WikiLeaks offers $50,000 reward for Kunduz bombing video or cockpit audio

Medical personnel as they treat wounded colleagues and patients in a hospital in Kunduz on October 3, 2015, in the aftermath of an airstrike on the facility in the northern Afghan city. © MSF
WikiLeaks has offered a reward of $50,000 for any footage or cockpit audio from the US warplane that bombed a Doctors Without Borders hospital in the Afghan city of Kunduz.

“We are raising a $50,000 bounty to obtain the footage, the cockpit audio, the inquiry report and other relevant materials such as the Rules of Engagement active at the time,” Wikileaks wrote on its website.

On October 3, a Doctors Without Borders hospital in Kunduz was repeatedly bombed by a US AC-130 gunship, leading to the deaths of 22 patients and staff.

“The AC-130 records its attacks with high resolution gun cameras,” Wikileaks said in its statement. “According to military procedure, this footage should have been retained along with the cockpit audio. A post-massacre inquiry report referred to as an ‘AR 15-6’ should have also been commissioned.”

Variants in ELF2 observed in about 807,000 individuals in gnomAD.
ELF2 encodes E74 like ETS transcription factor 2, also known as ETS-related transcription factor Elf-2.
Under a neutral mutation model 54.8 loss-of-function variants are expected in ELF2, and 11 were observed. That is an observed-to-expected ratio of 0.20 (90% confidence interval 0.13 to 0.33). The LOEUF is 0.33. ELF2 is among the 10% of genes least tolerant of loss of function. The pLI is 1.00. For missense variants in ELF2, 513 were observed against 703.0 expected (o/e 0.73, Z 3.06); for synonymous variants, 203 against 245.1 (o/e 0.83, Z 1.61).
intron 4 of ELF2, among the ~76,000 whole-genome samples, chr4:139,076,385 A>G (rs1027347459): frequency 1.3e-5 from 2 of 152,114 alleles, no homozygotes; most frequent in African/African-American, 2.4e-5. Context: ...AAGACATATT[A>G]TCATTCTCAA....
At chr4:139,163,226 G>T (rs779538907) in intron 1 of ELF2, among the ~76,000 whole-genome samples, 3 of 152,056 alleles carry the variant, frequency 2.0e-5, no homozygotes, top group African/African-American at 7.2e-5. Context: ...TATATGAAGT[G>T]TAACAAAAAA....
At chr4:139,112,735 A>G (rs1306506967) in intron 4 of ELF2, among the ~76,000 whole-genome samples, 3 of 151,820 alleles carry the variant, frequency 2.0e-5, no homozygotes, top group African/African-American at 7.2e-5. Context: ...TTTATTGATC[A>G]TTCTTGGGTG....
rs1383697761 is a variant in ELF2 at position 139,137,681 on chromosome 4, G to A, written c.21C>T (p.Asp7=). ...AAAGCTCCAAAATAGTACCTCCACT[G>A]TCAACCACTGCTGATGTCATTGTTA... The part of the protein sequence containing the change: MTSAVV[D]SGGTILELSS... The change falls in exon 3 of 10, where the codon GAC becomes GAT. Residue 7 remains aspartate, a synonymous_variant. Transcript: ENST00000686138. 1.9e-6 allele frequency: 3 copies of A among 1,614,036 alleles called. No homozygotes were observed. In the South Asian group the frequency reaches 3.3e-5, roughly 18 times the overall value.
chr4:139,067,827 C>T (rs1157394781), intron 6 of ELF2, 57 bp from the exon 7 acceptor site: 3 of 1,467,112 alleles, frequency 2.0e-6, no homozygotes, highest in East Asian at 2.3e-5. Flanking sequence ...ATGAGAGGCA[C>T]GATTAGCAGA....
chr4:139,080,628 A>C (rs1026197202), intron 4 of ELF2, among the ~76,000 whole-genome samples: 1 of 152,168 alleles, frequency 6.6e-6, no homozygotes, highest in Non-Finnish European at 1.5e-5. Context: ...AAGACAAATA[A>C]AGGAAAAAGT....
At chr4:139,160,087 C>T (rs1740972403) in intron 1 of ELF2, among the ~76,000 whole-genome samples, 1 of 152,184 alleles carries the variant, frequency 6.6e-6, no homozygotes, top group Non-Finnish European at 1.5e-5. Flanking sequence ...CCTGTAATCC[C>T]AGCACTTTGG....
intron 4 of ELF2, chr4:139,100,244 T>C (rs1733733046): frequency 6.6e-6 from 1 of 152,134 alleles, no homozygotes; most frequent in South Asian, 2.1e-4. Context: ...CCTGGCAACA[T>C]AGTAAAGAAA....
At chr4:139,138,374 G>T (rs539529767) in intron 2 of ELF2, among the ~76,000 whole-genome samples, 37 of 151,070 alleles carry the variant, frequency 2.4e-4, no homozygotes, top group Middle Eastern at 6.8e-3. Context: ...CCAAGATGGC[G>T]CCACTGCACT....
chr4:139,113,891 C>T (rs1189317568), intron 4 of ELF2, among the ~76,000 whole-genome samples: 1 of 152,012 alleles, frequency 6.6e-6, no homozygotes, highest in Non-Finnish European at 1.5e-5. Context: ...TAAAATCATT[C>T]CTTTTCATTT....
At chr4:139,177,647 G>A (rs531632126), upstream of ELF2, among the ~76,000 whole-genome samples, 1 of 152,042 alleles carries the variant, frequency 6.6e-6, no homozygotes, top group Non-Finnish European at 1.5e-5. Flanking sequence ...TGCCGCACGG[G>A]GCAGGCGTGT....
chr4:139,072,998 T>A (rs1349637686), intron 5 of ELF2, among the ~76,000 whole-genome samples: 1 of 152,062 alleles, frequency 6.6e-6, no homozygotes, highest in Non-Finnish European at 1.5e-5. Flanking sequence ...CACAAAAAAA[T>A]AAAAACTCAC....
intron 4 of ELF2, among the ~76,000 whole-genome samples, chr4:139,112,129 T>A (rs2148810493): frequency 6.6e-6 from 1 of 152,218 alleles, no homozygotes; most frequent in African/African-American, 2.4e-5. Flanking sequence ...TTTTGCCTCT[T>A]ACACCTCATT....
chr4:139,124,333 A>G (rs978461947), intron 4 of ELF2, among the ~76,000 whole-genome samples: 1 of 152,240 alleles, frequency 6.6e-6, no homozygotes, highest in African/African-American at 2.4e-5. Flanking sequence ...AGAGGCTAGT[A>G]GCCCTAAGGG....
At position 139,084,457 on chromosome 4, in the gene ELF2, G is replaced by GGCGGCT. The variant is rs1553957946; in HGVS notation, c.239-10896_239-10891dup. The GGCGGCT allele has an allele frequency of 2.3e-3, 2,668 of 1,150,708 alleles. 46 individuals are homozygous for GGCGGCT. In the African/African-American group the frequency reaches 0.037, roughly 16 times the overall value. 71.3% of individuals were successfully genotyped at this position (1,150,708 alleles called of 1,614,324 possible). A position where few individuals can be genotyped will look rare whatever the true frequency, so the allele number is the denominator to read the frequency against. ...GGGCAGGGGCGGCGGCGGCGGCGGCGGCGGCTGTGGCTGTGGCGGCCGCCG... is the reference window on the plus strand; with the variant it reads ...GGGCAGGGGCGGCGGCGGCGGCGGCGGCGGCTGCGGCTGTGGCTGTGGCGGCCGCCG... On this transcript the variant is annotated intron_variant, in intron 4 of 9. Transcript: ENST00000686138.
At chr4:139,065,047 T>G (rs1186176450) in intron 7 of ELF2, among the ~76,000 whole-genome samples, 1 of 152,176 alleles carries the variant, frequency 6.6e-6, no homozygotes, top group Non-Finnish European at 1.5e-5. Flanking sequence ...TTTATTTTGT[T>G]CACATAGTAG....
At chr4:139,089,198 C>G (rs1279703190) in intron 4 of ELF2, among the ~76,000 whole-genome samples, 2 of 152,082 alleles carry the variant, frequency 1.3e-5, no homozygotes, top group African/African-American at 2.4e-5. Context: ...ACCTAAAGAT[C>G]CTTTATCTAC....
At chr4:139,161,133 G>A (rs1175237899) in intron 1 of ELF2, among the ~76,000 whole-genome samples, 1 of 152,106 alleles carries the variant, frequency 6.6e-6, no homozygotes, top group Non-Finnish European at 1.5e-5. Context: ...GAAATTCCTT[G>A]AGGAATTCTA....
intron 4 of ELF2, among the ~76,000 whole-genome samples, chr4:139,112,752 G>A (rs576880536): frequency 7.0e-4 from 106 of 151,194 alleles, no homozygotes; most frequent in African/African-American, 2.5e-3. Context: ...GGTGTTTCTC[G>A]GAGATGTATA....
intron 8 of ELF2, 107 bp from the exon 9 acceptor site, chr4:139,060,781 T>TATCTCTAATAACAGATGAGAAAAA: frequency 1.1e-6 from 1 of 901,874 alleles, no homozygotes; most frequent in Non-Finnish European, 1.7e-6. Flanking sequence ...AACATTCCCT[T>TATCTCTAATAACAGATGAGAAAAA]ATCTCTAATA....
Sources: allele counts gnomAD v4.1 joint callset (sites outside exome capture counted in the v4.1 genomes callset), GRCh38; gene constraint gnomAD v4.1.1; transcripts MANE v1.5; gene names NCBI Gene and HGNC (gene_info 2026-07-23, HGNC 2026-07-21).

Washington has admitted responsibility for the bombing, saying that the hospital was hit “mistakenly.”

On Wednesday, President Barack Obama called Doctors Without Borders International’s president, Dr. Joanne Liu, on the phone “to apologize and express his condolences for the MSF staff and patients.”

Doctors Without Borders have urged an independent investigation into the deadly US airstrike to determine whether the attack should be regarded as a war crime.

READ MORE: ‘Patients were burning in their beds’: Witnesses recall horrific Kunduz hospital airstrike

Such an investigation should gather evidence from the US, NATO and Afghanistan, as well as testimonies of the Kunduz hospital staff and patients, they said.

Depending on the findings, Doctors Without Borders would consider whether to file charges against Washington for loss of life and partial destruction of the hospital in Kunduz.

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